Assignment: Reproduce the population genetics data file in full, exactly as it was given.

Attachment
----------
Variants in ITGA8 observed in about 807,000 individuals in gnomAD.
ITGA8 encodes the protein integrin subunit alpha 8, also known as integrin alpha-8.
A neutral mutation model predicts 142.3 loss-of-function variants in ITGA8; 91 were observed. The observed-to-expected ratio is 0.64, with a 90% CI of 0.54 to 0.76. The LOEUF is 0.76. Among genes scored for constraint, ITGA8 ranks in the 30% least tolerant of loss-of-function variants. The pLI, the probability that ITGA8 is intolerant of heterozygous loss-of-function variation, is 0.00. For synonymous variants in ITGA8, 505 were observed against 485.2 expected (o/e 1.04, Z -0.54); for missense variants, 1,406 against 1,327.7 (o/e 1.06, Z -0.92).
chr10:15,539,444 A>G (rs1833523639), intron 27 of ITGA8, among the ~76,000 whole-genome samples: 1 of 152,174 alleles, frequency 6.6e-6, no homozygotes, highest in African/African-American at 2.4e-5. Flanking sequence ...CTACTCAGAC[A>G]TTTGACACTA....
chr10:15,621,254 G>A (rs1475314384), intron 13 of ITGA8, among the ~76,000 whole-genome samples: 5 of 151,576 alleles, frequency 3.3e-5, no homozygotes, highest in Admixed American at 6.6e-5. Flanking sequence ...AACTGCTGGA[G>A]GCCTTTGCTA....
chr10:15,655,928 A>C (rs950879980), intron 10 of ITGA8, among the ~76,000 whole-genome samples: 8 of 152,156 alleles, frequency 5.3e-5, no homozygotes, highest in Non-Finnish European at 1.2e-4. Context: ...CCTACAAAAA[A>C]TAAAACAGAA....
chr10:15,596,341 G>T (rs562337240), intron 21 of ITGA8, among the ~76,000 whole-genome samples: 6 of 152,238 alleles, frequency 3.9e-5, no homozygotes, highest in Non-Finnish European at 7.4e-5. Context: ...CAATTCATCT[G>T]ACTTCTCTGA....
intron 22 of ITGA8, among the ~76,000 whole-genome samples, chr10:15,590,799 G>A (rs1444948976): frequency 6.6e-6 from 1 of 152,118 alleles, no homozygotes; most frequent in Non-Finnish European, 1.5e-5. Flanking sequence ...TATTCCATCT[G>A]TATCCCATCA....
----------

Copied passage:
Variants in ITGA8 observed in about 807,000 individuals in gnomAD.
ITGA8 encodes the protein integrin subunit alpha 8, also known as integrin alpha-8.
A neutral mutation model predicts 142.3 loss-of-function variants in ITGA8; 91 were observed. The observed-to-expected ratio is 0.64, with a 90% CI of 0.54 to 0.76. The LOEUF is 0.76. Among genes scored for constraint, ITGA8 ranks in the 30% least tolerant of loss-of-function variants. The pLI, the probability that ITGA8 is intolerant of heterozygous loss-of-function variation, is 0.00. For synonymous variants in ITGA8, 505 were observed against 485.2 expected (o/e 1.04, Z -0.54); for missense variants, 1,406 against 1,327.7 (o/e 1.06, Z -0.92).
chr10:15,539,444 A>G (rs1833523639), intron 27 of ITGA8, among the ~76,000 whole-genome samples: 1 of 152,174 alleles, frequency 6.6e-6, no homozygotes, highest in African/African-American at 2.4e-5. Flanking sequence ...CTACTCAGAC[A>G]TTTGACACTA....
chr10:15,621,254 G>A (rs1475314384), intron 13 of ITGA8, among the ~76,000 whole-genome samples: 5 of 151,576 alleles, frequency 3.3e-5, no homozygotes, highest in Admixed American at 6.6e-5. Flanking sequence ...AACTGCTGGA[G>A]GCCTTTGCTA....
chr10:15,655,928 A>C (rs950879980), intron 10 of ITGA8, among the ~76,000 whole-genome samples: 8 of 152,156 alleles, frequency 5.3e-5, no homozygotes, highest in Non-Finnish European at 1.2e-4. Context: ...CCTACAAAAA[A>C]TAAAACAGAA....
chr10:15,596,341 G>T (rs562337240), intron 21 of ITGA8, among the ~76,000 whole-genome samples: 6 of 152,238 alleles, frequency 3.9e-5, no homozygotes, highest in Non-Finnish European at 7.4e-5. Context: ...CAATTCATCT[G>T]ACTTCTCTGA....
intron 22 of ITGA8, among the ~76,000 whole-genome samples, chr10:15,590,799 G>A (rs1444948976): frequency 6.6e-6 from 1 of 152,118 alleles, no homozygotes; most frequent in Non-Finnish European, 1.5e-5. Flanking sequence ...TATTCCATCT[G>A]TATCCCATCA....